images of being. Nor has the mystic who sinks into the immediate much better appreciated the situation. This immediate is not God but chaos; its nothingness is pregnant, restless, and brutish; it is that from which all things emerge in so far as they have any permanence or value, so that to lapse into it again is a dull suicide and no salvation. Peace, which is after all what the mystic seeks, lies not in indistinction but in perfection. If he reaches it in a measure himself, it is by the traditional discipline he still practises, not by his heats or his languors.
The seed-bed of reason lies, then, in the immediate, but what reason draws thence is momentum and power to rise above its source. It is the perturbed immediate itself that finds or at least seeks its peace in reason, through which it comes in sight of some sort of ideal permanence. When the flux manages to form an eddy and to maintain by breathing and nutrition what we call a life, it affords some slight foothold and object for thought and becomes in a measure like the ark in the desert, a moving habitation for the eternal.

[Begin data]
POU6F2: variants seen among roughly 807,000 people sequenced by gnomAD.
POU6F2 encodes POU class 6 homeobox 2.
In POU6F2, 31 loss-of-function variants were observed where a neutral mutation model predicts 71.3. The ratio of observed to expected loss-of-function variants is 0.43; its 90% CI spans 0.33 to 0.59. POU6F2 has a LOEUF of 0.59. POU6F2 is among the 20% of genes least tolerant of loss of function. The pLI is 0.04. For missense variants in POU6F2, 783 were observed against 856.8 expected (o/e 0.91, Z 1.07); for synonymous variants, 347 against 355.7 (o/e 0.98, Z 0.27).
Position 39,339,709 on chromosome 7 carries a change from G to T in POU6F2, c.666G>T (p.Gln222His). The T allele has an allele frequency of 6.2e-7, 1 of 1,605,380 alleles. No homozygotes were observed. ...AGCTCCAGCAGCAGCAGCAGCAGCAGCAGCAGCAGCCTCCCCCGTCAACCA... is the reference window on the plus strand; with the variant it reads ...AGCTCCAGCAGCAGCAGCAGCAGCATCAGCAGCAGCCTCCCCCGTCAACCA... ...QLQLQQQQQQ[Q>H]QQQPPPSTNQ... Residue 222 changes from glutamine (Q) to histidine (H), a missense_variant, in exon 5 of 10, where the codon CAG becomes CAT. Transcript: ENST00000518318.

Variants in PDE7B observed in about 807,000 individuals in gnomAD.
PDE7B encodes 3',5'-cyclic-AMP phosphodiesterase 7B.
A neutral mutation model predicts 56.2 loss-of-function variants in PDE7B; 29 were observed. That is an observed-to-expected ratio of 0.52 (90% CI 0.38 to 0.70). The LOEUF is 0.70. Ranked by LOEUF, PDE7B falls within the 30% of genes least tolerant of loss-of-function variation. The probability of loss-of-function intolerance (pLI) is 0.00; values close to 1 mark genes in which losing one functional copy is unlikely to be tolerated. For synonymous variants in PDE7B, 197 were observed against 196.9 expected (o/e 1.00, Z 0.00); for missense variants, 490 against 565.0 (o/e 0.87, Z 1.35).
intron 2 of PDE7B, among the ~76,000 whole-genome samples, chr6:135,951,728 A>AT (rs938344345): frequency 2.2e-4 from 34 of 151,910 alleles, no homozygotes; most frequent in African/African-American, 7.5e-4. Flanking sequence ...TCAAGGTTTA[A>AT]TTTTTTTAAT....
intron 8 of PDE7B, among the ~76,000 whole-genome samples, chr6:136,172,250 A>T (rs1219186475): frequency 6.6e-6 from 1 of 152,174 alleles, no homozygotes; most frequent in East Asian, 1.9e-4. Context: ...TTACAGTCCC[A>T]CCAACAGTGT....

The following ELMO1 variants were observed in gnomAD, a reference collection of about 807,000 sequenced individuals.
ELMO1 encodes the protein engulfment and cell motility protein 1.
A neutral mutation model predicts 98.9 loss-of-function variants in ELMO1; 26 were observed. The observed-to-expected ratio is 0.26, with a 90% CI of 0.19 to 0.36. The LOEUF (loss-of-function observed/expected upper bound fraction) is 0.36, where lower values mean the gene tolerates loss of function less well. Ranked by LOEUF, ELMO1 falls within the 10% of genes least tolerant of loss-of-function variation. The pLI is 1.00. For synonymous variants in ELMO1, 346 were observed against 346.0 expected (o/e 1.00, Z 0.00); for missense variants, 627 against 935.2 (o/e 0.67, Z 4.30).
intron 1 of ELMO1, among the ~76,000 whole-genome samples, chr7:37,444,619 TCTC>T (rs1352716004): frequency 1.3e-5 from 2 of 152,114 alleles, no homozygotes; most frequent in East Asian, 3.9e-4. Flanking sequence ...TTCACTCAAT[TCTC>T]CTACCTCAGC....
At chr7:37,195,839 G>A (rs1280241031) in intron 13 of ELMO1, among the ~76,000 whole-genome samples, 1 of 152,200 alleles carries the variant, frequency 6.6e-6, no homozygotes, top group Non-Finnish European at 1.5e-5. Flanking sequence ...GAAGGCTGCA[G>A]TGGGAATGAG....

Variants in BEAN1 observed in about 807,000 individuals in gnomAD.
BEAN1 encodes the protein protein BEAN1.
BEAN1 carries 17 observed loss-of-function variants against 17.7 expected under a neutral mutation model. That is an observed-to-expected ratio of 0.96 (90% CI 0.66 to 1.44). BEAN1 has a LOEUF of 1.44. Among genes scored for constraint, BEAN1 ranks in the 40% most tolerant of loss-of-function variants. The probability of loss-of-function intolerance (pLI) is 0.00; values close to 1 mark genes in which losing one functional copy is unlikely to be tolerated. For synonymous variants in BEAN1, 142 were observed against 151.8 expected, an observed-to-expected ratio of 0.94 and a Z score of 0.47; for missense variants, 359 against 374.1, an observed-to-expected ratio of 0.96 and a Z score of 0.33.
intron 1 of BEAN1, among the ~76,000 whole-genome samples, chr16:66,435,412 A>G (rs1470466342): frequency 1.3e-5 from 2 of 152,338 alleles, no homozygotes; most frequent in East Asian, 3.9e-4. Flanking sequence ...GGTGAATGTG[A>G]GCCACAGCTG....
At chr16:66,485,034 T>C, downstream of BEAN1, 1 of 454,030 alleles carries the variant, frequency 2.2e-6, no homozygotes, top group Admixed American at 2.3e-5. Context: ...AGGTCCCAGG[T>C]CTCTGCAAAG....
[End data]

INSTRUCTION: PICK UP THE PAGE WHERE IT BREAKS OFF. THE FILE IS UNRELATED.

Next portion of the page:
Life begins to have some value and continuity so soon as there is something definite that lives and something definite to live for. The primacy of will, as Fichte and Schopenhauer conceived it, is a mythical way of designating this situation. Of course a will can have no being in the absence of realities or ideas marking its direction and contrast-